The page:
Hence, in the context of a capitalistic society, crime is the result of an unequal distribution of wealth. As such, a distinction between guilt and responsibility must be made. For instance, a person can be guilty of selling drugs but not at all responsible for creating the conditions wherein selling drugs is the only viable option of survival. Indeed, when one lives in a society where profit takes precedence over human potential, one’s very existence becomes a crime; and whether this takes on the form of selling drugs, stealing food, or joining a gang to fight over turf and limited resources, the goal is to stay alive.

I grew up in poverty, born to a marginally educated black woman who, because of a lack of opportunity, sought to raise me and my three siblings on welfare. In the whole 42 years I’ve been alive, I’ve only seen my father one time. By the age of ten, I was stealing food from the neighborhood grocery store in order to survive. I was thirteen when I took my first joyless joyride in a stolen vehicle, which ultimately led to my being sent away for the first time. By the time I turned seventeen, I had been living on my own for several years and selling drugs in one of the most impoverished, drug-infested neighborhoods in Cleveland, Ohio. A few months after my nineteenth birthday, in 1988, the year crack cocaine became an epidemic, I was involved in a shoot-out over money and I killed a rival drug dealer. For this, I was sent to prison to serve a life sentence for murder.

In a nutshell, this is the story of my life, and if any of it was unique, the telling of it would be inconsequential, an unnecessary recounting of my own personal troubles. However, what makes my story significant is that it’s the exact same tale told by millions of poor people who grow up in the slums of America, which points to the possibility of there being something larger than one’s personal troubles at work in the process to determine where one ends up in this society.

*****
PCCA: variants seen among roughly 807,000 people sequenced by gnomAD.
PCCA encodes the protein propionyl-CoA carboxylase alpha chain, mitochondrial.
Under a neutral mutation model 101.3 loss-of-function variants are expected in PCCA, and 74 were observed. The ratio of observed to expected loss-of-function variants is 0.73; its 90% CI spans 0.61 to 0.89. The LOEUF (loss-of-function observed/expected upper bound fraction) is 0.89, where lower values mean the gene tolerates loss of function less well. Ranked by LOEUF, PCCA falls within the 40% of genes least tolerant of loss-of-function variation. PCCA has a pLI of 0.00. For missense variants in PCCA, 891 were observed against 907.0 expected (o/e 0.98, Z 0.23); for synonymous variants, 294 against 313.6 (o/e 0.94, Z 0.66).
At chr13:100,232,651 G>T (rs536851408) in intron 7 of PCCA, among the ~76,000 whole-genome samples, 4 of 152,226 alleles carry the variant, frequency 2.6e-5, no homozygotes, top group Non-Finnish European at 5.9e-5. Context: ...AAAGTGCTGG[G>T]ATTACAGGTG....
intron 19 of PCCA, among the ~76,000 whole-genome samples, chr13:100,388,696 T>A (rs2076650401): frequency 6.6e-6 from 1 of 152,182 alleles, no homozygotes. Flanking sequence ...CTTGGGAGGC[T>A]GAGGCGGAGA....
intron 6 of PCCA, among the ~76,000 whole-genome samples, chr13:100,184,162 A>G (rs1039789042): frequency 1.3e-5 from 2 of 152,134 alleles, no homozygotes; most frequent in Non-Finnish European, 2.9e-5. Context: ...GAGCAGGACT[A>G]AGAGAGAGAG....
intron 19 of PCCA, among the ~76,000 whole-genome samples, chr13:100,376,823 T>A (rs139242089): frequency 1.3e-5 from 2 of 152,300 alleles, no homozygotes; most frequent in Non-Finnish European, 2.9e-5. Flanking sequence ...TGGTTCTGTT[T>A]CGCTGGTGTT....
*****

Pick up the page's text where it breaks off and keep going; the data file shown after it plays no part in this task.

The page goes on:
In his groundbreaking work on The Sociological Imagination, C. Wright Mills, using the example of unemployment, explains the difference between personal troubles and societal issues:

When, in a society of 100,000, only one man is unemployed, that is his personal trouble, and for its relief we properly look to the character of the man, his skills, and his immediate opportunities. But when in a nation of 50 million employees, 15 million men are unemployed, that is an issue, and we may not hope to find its solution within the range of opportunities open to any one individual. The very structure of opportunities has collapsed. Both the correct statement of the problem and the range of possible solutions require us to consider the economic and political institutions of society, and not merely the personal situation of a scatter of individuals.